Maura Wagner is Joe’s opposite. She is small and fragile, with Easter egg blue eyes and a halo of curly blonde hair. If Maura stubs her toe, she calls Joe and asks what profanity she can use. She’s weak to his strong, unfocused where he is forceful.
The roles seem to suit them both, because from the outside their marriage looks happy. Seemingly the only real bump on their road to marital bliss was the discovery that Tyler, now twelve, was diabetic. But even this was a bump, not a mountain they couldn’t scale. Between Joe’s attention to proper doses of insulin and Tyler’s resilient spirit, Tyler’s life has been for the most part normal and happy.
Maura Wagner was one of the last people I expected to bother Ed when we were off on a holiday. I wasn’t even sure she knew how to dial a telephone.
“Did somebody die?” I asked, afraid I already knew the answer.
“No, but it’s not much farther down the list.” Ed ran his hand over his chin. For months there’s been a beard there, not a very successful one. Last week he disposed of it, leaving chin pallor and a small scar on one cheek. He still forgets it’s gone.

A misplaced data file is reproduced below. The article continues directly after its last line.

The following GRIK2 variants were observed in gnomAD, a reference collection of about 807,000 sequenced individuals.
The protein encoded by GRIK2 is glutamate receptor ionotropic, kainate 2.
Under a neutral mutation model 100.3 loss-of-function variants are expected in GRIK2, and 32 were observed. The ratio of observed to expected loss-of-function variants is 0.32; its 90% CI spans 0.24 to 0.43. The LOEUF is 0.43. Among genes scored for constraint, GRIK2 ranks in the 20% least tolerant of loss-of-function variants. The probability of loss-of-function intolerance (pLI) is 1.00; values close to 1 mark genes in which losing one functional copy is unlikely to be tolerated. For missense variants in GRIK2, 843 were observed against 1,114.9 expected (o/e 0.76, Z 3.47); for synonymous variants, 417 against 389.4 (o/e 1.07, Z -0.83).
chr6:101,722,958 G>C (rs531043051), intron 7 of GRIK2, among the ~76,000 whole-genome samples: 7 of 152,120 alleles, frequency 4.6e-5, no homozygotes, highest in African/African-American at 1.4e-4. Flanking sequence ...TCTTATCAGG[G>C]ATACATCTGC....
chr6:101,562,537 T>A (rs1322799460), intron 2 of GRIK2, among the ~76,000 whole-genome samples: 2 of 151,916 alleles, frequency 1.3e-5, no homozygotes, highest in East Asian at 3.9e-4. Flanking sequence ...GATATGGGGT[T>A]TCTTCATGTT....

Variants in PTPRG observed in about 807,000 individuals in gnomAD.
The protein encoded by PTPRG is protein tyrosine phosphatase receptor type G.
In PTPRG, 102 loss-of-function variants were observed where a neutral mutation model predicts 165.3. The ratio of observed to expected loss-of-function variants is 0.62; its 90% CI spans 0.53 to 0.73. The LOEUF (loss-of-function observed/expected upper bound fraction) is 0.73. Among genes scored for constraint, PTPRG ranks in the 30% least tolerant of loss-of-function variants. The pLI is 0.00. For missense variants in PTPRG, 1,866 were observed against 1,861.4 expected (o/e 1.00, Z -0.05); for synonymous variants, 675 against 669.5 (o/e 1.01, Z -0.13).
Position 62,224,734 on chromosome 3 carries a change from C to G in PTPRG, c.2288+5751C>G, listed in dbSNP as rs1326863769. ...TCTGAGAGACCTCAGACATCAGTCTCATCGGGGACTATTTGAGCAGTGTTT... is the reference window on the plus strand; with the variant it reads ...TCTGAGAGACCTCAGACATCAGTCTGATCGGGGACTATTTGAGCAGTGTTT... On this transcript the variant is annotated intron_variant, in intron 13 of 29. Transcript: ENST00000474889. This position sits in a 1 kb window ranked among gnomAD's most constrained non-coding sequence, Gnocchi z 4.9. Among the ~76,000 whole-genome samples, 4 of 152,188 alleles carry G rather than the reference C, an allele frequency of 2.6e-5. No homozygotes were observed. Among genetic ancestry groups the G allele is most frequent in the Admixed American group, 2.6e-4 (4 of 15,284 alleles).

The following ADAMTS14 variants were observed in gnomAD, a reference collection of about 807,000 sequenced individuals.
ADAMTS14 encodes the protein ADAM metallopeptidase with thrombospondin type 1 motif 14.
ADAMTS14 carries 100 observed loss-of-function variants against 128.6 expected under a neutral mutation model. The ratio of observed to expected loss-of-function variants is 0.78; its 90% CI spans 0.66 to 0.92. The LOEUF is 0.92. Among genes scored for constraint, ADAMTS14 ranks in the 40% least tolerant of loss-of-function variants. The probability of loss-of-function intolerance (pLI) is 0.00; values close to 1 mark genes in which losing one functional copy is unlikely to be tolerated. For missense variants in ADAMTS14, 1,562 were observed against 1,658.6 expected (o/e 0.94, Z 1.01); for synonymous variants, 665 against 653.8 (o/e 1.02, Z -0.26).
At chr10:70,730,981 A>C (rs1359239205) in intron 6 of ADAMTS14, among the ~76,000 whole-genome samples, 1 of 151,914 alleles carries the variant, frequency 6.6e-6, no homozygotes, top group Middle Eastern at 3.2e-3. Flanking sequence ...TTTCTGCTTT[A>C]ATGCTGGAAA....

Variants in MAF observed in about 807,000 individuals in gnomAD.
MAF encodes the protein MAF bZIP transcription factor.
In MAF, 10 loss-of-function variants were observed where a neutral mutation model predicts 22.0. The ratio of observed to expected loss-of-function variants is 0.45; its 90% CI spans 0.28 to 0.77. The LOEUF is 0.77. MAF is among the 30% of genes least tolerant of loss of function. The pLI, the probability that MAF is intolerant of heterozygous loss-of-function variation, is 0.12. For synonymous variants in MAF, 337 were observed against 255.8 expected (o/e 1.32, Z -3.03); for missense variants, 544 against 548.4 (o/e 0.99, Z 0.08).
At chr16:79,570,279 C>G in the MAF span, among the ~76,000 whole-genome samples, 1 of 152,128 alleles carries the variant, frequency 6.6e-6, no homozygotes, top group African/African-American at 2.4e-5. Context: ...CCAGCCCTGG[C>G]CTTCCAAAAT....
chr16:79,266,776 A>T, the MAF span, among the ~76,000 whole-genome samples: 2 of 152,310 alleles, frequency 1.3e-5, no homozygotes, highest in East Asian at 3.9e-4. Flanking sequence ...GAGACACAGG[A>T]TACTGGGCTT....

“Please don’t make me guess.” I could envision all manner of crises. I’ve had too much experience with crises lately, and wasn’t longing for more.
“Disappeared is a big word. Is he late coming home from the grocery store? Sitting through a twelve-inning game at Jacob’s Field? Or did he make off with their entire bank account last week and she’s only just noticed?”
“No, he was here, in the city, for a meeting. And he didn’t come home.”
“Joe in New York?”
“Supposed to be.” Ed rubbed his hand over his hair, which was still, fortunately, intact. It seemed to calm him. He dropped down to the bed beside me. “He was supposed to be home last night, but he didn’t show. At first Maura thought maybe his plane was just late.”
“Then she knew what flight he was on?”